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This Week In History News, Jan. 9

Prehistoric “sea dragon” unearthed in England, Roman-era coins found by a badger, and the truth about Vikings’ helmets.

Researchers Make ‘Unprecedented Discovery’ Of A Prehistoric Sea Dragon In The English Midlands

Massive Ichthyosaur

Matthew Power Photography/BBCIts head alone is about twice as heavy as a grizzly bear while its entire body is longer than a school bus.

Enormous predators that swam the seas while the dinosaurs walked the Earth, ichthyosaurs are described as prehistoric mega-dolphins that could swallow up anything in their path. Up until about 90 million years ago, these terrifying apex predators dominated marine environments around the world. Now, researchers in England have uncovered one of the most astonishing ichthyosaur specimens ever found.

Measuring in at 32 feet long with a six-foot skull that weighs one ton on its own, this is the largest ichthyosaur ever discovered in England. As spokeswoman Regan Harris said, “It was just mind blowing. I mean, you kind of couldn’t really believe your eyes when you were looking at it in front of you.”

Learn the full story behind this astonishing find here.

Hungry Badger Leads Archeologists To ‘Exceptional’ Collection Of Roman-Era Coins In Spain

Roman Coins In Spain

MINISTRY OF CULTURE OF THE PRINCIPALITY OF ASTURIASArcheologists found hundreds of coins and believe the cave may contain even more.

Usually, it’s a skilled archeologist who unearths history’s treasures. But in Spain, it took only a hungry and determined badger to dig up a trove of hundreds of Roman-era coins.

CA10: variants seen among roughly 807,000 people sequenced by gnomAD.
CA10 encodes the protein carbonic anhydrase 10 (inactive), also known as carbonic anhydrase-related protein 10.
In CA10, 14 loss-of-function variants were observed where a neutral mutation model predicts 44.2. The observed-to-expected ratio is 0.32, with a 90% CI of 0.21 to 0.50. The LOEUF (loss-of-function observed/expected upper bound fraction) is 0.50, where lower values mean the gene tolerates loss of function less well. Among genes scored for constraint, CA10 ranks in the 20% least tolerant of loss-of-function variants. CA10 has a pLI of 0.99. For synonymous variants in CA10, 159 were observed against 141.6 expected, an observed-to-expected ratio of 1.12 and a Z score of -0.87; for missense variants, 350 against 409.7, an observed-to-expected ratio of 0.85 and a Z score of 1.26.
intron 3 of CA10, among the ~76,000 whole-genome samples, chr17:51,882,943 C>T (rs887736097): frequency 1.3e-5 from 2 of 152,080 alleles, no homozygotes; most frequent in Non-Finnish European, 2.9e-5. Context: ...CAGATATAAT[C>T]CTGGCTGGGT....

Though the badger was probably disappointed — following an intense snowstorm, it was likely hunting for berries, worms, or insects — archaeologists are delighted by its accidental discovery.

Dig deeper in this report.

These Horned ‘Viking’ Helmets Are Actually 3,000 Years Old And Come From An Entirely Different Civilization

Horned Metal Helmet Up Close

National Museum of DenmarkThe horned helmets had fittings that formerly carried feathers and a horsehair mane.

For longer than living memory, horned helmets have dominated the popular image of the Vikings. But new research shows that this daunting headgear predated the Norse warriors by nearly 2,000 years — and that the Vikings likely never wore horned helmets at all.

The tie between horned helmets and Vikings was already so firm that when a peat cutter unearthed a pair of them from a bog in 1942, they were assumed to be from the Viking era, which began around 800 A.D.

But this assumption was only held in the popular sphere, as scholars soon dated them to the Nordic Bronze Age between 1750 and 500 B.C. Only recently, however, have scientists established a more precise date.

Read on here.

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